Scotland Doesn't Want American Whiskey Imports Replacing Scotch

A letter from the Scottish Economy secretary worries U.S. booze will undermine Scotch sales post-Brexit.

Photo: WILL & DENI MCINTYRE / Getty Images

Warning your friends about the dangers of drinking cheap whiskey is sensible for many reasons – imminent tomfoolery and a future hangover being two of the possible repercussions – but as the United Kingdom prepares to Brexit the European Union, Scotland is concerned for another reason: If the U.K. doesn’t protect Scotch, the famed northern whisky might be undermined by cheap alternatives from the U.S.

As Brexit discussions continue, the U.K. has a somewhat mind-numbing number of issues to address as it untangles itself from a massive web of E.U. regulations and treaties. Needless to say, the Scotch industry, which currently enjoys relatively strong protections through the E.U., wants to make sure its status isn’t neglected when new trade agreements are negotiated. So Scottish Economy Secretary Keith Brown has written to the U.K. government requesting Scotch to be defined under U.K. law to protect the distilled drinks status.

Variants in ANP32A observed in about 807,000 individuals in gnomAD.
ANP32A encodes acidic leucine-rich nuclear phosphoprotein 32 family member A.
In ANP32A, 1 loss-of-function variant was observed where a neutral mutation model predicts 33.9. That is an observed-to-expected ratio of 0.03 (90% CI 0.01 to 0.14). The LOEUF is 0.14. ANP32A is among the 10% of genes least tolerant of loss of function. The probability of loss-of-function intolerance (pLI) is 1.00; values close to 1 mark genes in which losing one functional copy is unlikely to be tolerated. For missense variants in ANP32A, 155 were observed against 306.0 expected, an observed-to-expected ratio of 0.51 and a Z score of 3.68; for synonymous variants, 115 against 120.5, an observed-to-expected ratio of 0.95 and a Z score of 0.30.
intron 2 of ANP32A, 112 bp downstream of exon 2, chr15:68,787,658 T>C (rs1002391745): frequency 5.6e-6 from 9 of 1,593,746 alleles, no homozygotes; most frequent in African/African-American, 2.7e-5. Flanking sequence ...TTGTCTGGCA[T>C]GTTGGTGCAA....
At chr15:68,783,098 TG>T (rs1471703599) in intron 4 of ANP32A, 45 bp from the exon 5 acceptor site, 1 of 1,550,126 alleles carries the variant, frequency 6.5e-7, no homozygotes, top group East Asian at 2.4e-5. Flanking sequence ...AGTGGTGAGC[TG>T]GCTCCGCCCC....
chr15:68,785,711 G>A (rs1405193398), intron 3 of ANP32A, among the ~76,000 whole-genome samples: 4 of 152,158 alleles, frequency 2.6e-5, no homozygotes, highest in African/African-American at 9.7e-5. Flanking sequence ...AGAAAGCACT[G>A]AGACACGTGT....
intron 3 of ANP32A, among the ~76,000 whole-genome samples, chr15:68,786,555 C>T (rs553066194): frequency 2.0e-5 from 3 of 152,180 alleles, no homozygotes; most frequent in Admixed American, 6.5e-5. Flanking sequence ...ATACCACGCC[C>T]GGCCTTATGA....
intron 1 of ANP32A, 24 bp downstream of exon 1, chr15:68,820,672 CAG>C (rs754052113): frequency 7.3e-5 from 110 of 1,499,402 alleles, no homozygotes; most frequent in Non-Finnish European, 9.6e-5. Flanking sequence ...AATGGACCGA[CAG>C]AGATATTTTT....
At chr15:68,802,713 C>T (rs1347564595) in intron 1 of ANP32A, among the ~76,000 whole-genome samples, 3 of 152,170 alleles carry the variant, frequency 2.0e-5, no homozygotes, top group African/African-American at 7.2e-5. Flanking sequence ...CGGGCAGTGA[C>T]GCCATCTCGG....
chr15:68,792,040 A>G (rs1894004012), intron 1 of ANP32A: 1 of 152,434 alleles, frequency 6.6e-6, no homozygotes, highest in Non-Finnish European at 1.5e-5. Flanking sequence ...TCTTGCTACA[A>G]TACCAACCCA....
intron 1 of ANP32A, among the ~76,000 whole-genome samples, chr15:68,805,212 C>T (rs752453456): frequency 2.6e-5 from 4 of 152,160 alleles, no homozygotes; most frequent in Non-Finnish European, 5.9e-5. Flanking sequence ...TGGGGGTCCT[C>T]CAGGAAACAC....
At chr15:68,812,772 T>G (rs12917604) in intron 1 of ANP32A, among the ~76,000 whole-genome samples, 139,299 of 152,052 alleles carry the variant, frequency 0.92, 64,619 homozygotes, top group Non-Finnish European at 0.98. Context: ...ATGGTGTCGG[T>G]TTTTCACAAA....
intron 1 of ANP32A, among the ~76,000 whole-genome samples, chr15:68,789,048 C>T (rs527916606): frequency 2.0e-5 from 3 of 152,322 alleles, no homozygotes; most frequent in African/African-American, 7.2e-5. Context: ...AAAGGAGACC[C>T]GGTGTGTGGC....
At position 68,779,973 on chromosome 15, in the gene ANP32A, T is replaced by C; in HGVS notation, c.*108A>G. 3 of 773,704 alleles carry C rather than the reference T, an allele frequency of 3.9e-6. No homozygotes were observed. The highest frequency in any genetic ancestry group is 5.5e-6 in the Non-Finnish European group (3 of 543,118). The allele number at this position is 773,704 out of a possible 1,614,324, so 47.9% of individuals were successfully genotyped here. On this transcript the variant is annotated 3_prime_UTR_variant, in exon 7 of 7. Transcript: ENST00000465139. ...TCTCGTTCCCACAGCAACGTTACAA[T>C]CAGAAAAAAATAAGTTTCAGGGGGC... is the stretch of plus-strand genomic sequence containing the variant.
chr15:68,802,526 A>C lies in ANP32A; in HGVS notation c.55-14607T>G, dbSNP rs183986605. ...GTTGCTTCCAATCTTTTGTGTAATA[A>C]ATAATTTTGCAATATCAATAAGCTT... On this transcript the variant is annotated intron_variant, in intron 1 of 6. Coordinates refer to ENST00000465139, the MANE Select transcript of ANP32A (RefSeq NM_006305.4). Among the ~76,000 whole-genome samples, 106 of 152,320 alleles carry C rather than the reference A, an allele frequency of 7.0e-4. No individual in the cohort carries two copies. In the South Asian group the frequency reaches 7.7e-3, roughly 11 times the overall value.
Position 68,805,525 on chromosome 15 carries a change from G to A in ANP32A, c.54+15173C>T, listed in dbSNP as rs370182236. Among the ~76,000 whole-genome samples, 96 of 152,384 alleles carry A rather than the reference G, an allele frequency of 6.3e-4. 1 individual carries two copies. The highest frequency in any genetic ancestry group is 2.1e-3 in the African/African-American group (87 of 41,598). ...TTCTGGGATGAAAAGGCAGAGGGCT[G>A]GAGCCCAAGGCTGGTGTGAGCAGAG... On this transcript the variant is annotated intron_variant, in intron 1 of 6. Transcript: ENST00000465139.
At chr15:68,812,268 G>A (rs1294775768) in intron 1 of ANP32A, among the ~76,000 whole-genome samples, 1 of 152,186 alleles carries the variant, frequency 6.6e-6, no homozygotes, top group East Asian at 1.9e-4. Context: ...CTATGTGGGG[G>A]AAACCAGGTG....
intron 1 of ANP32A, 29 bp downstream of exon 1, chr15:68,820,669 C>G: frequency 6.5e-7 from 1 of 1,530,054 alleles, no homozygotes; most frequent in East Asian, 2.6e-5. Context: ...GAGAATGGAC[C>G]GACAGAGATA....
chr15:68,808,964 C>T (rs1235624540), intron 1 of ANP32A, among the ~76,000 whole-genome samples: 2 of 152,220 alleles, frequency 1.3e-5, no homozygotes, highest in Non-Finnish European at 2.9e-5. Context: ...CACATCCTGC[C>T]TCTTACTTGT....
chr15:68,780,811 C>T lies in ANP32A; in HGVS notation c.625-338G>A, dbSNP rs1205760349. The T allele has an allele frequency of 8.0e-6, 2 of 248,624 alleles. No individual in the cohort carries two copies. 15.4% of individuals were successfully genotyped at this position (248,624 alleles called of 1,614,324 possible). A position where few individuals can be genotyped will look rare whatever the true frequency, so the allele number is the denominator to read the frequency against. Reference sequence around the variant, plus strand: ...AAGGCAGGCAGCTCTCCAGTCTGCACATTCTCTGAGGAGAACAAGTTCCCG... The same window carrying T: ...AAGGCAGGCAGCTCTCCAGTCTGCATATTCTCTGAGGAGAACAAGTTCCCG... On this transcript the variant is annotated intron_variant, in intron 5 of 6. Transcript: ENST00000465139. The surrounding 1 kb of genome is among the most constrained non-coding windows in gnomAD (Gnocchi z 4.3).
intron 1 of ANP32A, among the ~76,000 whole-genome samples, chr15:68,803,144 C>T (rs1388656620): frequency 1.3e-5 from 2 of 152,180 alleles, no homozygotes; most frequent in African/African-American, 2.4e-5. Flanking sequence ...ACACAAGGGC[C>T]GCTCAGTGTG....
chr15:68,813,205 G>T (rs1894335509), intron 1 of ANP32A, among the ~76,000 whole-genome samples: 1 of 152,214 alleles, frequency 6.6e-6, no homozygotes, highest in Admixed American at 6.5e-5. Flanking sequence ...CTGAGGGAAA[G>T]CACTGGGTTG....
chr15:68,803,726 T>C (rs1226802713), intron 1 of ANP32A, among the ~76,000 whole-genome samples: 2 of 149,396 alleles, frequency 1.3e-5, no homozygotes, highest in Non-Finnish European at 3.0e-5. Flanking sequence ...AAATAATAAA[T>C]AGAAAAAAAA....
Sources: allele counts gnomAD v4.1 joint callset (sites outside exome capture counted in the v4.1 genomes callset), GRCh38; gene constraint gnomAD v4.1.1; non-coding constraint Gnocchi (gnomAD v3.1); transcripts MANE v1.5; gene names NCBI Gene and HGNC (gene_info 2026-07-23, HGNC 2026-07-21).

Brown specifically called out the U.S., who is currently negotiating the proposed Transatlantic Trade and Investment Partnership with the EU, as an example of how whisky could be weakened. “The U.S. made clear in the Transatlantic Trade and Investment Partnership discussions that they would support a relaxation of the definition of whisky, which would open the market up to a number of products which do not currently meet that standard,” Brown was quoted as saying. “It is vital that we continue to have robust legal protection of Scotch whisky, which is why I have sought clarification from the U.K. Government as to whether Scotch whisky featured in discussions during last week’s trade visit (to the U.S.) by the Secretary of State for International Trade.”

The U.K.’s International Secretary Liam Fox visited the U.S. trying to hash out how a separate U.S.-U.K. trade agreement might look once the U.K. is officially out of the E.U. Brown’s implication is that the U.S. could potentially seek a weakening of the definition of whisky in that agreement as well. Though not directly addressed, it’s possible the Scotch industry is especially concerned that the U.K. would be willing to make concessions to the U.S. since some pundits believe the Brits may find themselves desperate for trade deals post-Brexit.

Scotch is big business for both Scotland and the U.K. as a whole. Brown says the industry directly supports about 20,000 jobs and exports about £4 billion worth of booze annually. For its part, a British government spokesman lauded the industry. “Scotch is a U.K. export success story and we will support the industry so that it continues to thrive and prosper post-Brexit,” he said, according to The Drinks Business.

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